I first saw who I was in the burrowed brow of that librarian. I didn’t fit in. My work didn’t reflect the calmness of a still life, or a meadow. I couldn’t draw a proper calmness if I tried. She told me the library wall was backed up with artists, but that she’d give me a call when the library could fit me in. I sulked out of there with a new self-awareness. And I never held my breath for that call that never came.

Advertising

It’s night time and I’m out in the streets. I have a can of spray adhesive and Noahism flyers in a backpack. With shaking hands, I spray the backs of the flyers and quickly press them on to bus stop benches, and metal doors. My heart is racing, and my stride is that of a man who has just murdered his wife and newborn baby. I’m seeking recognition, and other’s who will help define my art movement for me. I imagine a city of people awaking in the morning to find these cryptic images and wondering “what is Noahism?? I must know!” The camera crews, with investigative reporters will come shortly afterwards and pound my door down with questions and fists full of cash. The galleries all over America will call wanting to know when, oh when can they get their Noahism show! The magazines, the fame and recognition. All of it will help me get away from the poverty that has shadowed my entire life. Eventually I run home as fast as my crouched legs can carry me.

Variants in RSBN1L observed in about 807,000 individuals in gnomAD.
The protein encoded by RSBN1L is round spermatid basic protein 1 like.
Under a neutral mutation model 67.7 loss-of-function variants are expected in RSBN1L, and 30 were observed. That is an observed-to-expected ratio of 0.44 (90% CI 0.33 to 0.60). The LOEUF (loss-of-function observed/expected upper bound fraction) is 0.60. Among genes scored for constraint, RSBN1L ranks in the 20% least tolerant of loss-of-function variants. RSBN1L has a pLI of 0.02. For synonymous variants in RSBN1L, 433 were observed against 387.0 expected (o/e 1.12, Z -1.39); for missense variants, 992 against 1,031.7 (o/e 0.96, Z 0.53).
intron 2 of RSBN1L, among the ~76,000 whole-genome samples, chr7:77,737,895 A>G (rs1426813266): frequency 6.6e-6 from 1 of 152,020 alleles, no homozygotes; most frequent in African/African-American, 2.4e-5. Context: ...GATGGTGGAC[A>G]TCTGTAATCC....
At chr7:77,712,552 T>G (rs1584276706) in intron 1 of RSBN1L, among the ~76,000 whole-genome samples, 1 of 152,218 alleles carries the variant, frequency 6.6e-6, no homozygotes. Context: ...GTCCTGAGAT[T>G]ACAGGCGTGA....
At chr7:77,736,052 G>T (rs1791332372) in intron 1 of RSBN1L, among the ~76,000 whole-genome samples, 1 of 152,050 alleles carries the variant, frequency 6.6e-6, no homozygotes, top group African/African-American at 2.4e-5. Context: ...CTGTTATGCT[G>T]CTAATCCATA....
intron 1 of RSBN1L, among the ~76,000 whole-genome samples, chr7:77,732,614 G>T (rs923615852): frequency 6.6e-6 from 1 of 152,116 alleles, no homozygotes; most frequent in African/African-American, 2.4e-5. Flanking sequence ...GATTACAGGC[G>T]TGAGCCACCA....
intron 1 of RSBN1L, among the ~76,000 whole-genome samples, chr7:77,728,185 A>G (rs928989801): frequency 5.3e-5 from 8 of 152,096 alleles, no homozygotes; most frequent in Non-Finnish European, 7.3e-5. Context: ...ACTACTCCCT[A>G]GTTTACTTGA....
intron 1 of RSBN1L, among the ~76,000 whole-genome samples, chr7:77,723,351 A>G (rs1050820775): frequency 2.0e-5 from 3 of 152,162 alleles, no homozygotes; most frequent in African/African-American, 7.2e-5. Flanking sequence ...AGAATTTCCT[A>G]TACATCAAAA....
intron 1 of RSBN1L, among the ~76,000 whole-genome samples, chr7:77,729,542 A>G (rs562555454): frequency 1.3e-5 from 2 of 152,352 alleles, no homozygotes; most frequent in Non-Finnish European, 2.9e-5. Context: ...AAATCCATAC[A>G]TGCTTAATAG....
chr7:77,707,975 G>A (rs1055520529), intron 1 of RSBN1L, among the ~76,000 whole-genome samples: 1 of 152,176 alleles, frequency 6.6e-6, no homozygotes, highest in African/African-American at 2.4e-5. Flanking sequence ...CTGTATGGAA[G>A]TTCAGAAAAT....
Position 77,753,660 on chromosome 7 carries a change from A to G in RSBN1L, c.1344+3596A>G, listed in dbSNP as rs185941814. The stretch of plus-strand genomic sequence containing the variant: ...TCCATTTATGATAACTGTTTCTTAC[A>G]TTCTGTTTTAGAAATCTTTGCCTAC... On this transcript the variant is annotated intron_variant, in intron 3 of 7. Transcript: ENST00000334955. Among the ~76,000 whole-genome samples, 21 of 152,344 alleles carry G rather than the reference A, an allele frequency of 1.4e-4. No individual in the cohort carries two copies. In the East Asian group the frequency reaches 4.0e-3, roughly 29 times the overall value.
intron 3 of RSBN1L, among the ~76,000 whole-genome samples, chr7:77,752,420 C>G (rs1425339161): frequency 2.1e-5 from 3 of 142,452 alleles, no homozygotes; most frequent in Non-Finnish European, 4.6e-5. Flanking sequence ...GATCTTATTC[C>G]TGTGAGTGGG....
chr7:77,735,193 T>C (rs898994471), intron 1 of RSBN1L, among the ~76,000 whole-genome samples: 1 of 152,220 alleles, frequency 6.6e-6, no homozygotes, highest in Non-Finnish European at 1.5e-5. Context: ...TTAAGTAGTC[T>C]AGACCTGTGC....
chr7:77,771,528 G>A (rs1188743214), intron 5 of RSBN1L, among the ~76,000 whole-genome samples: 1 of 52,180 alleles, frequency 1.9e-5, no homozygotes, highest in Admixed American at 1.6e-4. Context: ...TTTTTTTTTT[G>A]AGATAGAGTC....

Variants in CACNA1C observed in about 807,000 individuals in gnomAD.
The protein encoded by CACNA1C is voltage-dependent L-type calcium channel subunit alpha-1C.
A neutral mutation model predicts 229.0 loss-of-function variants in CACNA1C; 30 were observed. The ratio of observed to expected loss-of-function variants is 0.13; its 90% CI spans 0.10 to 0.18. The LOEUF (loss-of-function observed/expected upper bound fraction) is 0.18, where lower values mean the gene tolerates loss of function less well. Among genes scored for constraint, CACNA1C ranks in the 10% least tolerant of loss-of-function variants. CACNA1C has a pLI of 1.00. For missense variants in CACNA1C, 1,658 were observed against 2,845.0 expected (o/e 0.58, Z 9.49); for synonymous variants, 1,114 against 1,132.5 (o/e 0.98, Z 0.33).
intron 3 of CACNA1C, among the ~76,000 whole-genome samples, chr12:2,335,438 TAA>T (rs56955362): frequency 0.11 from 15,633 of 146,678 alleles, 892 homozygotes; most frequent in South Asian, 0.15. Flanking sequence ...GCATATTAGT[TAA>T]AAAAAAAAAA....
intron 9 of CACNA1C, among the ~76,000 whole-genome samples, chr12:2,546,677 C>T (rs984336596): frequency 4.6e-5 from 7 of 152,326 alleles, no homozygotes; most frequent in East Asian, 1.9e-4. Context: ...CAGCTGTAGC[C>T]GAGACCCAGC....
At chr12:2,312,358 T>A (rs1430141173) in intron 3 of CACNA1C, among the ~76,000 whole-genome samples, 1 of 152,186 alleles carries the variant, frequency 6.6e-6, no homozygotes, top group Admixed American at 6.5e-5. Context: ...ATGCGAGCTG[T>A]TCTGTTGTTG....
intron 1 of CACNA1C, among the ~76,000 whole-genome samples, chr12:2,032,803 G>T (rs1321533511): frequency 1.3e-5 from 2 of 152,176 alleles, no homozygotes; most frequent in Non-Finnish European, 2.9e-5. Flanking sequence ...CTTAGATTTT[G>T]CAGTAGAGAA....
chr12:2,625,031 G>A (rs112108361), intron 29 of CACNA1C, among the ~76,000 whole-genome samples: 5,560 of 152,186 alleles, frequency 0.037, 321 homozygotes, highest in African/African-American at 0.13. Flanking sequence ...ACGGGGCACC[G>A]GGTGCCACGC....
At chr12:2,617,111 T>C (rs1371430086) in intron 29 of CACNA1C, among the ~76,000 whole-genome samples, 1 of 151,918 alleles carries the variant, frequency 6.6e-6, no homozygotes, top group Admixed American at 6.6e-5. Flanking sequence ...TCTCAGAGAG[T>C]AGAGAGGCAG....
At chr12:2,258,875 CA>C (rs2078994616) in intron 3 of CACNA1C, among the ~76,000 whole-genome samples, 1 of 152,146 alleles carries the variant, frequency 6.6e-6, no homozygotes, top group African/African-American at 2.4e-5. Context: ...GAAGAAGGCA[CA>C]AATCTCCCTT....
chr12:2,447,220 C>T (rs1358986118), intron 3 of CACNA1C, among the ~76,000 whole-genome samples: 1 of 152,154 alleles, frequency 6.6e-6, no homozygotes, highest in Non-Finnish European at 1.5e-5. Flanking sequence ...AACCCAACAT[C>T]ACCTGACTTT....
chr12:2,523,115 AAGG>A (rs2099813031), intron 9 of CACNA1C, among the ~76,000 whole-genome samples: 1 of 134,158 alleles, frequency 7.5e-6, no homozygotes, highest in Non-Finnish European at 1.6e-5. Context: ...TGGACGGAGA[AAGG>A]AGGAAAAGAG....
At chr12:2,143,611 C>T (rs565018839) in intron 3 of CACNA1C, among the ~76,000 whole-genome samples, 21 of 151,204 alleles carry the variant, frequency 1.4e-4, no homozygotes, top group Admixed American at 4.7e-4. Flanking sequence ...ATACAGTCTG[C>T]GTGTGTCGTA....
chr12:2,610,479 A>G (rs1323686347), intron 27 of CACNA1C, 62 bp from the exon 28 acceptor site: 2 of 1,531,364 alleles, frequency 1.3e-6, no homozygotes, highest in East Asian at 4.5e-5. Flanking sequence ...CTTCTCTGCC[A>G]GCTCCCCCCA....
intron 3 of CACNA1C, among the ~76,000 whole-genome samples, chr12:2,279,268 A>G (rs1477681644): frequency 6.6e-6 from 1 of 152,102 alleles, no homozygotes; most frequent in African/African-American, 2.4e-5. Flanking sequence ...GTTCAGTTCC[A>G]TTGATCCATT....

The following afternoon, I prove that the criminal will always return to the scene of the crime. I was hoping for sticky notes, inquiring about this new art movement, but istead discovered that most of my flyers had been peeled off, or partly torn, obscuring my message. Within the week, they would be completely gone. I was still alone.

Near the end

My girlfriend was quickly losing interest in me. She, just like her mother didn’t understand what my goals were. Why wasn’t I in college? I didn’t want to admit that I had no real lucrative future, that I probably would fail as a provider someday. And on top of that, that I had no real outstanding talent as an artist. And luckily I didn’t have to admit it verbally. It was written all over everything I produced. She broke up with me and joined the Air Force, and is now married to somebody who likes push-ups more than art.

The end

Noahism couldn’t have survived. It wasn’t meant to be. What is an art movement without the press, word of mouth, or even a definition?  There were no art shows. No patrons. No public awareness. There was nothing to explain. There was only a word. A name tag pinned to a stack of painting and drawings, in a small (way over priced) one bedroom apartment, in a nowhere town.

In the end, all Noahism was was a quiet declaration that I was hungry. A whisper that nobody heard.

Geoff Johns interview!

December 3, 2010

Originally, this was done for The Comics journal, but was never used. So, here it is. Your favorite DC comics writer, Geoff Johns, by Noah Van Sciver.

Thanks!

-Noah